Magical realism is a wondrous way to interpret the world through magic and reality. It gives readers a deeper understanding of the author’s voice and the text. It makes the readers see topics in a new light and way that they may have never thought of before; with magic. The reality section of magical realism may remind readers of a familiar place or situation, but the magical section- it is what really just makes the reality pop! Magical realism is a different way of thinking, comparing subjects, intertwining creativity and reality, going out of the box, and suspending notions of reality make magical realism easier to understand. Like playing a video game, getting tangled into the reading with magical realism is what really makes it a plethora of fun.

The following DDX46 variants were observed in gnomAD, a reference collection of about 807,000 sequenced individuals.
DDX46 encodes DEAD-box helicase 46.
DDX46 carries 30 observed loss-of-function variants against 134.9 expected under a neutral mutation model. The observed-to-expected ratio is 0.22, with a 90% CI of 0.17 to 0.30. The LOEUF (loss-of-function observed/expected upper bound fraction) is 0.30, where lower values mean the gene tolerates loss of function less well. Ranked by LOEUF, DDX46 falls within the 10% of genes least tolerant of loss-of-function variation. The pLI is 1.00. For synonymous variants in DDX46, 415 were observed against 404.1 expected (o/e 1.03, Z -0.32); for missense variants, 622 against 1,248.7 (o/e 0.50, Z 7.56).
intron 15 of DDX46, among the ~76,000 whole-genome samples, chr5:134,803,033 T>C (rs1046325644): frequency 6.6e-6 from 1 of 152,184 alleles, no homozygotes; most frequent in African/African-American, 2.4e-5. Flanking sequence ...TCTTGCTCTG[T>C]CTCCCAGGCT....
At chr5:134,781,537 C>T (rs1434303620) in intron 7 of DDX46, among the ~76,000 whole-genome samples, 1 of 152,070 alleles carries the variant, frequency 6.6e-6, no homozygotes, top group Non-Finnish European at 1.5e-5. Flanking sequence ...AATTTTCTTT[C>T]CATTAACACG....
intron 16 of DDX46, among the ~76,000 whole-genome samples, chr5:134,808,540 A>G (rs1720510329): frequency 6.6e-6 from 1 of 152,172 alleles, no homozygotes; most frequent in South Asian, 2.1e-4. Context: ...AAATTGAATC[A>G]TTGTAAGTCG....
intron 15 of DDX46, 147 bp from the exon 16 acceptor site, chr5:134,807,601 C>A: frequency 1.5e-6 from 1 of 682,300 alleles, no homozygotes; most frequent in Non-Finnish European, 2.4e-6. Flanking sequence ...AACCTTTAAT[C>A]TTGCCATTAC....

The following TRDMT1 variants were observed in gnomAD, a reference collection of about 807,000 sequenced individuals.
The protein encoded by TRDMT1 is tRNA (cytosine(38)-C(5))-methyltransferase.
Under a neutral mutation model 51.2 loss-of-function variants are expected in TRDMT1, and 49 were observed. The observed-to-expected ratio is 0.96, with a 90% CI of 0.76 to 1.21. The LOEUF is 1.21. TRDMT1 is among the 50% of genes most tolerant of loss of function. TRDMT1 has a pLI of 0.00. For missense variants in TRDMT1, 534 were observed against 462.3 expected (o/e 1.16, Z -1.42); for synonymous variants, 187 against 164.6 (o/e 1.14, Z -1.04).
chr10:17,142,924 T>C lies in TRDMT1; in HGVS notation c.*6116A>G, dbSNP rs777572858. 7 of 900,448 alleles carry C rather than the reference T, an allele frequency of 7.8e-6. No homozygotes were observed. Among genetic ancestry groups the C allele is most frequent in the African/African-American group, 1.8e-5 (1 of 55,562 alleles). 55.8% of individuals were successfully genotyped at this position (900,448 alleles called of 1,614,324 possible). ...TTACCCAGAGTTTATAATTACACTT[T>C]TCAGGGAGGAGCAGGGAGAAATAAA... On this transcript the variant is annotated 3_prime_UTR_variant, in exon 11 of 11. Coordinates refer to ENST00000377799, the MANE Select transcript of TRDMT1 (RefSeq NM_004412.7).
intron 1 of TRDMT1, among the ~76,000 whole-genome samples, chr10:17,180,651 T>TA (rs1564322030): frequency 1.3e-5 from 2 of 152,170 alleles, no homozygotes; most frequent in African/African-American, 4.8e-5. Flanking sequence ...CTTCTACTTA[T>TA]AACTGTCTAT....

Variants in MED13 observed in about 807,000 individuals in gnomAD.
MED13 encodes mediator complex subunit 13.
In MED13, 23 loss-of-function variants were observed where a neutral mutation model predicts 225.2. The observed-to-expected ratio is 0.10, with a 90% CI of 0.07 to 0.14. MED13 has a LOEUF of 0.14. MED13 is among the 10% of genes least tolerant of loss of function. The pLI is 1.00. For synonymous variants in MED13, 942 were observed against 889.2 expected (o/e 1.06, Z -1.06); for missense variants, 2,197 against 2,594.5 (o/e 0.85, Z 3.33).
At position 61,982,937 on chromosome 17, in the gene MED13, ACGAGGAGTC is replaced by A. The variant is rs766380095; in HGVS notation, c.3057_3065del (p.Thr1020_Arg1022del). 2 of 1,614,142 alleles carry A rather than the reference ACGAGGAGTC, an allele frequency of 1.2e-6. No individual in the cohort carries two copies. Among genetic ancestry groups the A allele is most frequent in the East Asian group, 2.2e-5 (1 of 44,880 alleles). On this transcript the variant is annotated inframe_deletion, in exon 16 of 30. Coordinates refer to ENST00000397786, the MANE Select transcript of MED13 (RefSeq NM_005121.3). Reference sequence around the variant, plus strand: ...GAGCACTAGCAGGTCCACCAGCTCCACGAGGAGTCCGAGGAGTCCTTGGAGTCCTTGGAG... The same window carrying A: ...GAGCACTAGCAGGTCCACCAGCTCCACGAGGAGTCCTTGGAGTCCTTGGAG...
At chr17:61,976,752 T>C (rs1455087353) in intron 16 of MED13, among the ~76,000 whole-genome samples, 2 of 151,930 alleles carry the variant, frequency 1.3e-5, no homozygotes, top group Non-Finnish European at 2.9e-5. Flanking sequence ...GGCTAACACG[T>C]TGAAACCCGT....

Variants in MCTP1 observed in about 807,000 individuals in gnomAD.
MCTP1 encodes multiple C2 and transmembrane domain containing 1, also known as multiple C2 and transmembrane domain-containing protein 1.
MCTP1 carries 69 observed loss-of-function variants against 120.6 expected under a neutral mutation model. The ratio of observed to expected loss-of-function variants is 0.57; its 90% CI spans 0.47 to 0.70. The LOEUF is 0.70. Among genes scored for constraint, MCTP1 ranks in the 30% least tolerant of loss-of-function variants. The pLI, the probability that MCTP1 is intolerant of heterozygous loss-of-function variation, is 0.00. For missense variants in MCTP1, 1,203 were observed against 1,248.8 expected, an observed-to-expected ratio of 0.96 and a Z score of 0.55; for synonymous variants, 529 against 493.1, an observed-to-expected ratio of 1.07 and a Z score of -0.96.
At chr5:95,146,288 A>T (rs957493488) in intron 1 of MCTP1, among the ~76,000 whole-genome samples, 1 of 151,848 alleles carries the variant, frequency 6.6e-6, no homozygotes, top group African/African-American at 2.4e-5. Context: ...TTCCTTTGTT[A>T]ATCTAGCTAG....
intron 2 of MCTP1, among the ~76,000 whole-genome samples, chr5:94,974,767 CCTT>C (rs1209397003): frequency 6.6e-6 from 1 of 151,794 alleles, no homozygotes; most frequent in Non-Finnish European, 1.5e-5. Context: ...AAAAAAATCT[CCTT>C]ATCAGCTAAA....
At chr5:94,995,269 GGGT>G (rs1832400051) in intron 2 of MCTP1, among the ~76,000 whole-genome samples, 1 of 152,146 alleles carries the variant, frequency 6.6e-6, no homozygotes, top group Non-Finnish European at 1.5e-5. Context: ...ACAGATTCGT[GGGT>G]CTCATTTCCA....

Magical realism is nothing more than a metaphor swirled with a genuine life subject along with two or three pinches of magic. Metaphors describe subjects referencing other subjects; magical realism describes them by referencing a subject along with a magical contribution to make it that much more mind boggling in. In Like Water for Chocolate page 6, Laura Esquirel refers to Tita being born into an agonizing life by writing- “Tita was literally washed into this world on a great tide of tears that spilled over the edge of the table and flooded across the kitchen floor.” This quote is comparing the birth of Tita to the ocean and crying, which indicates pain and unhappiness right from the beginning of a life. This quote is also portraying magical realism in many ways such as: a human cannot physically cry as many tears to flood the kitchen floor or flow over the entire counter space and when a newborn comes into this world, expecting a dreadful life for the child not only isn’t a common occurrence with anyone, but it isn’t indicated by being inducted into tears. Newborns are usually inducted into the world with a thankful, grateful mother. ”[T]he women who had been changed into a spider for disobeying her...
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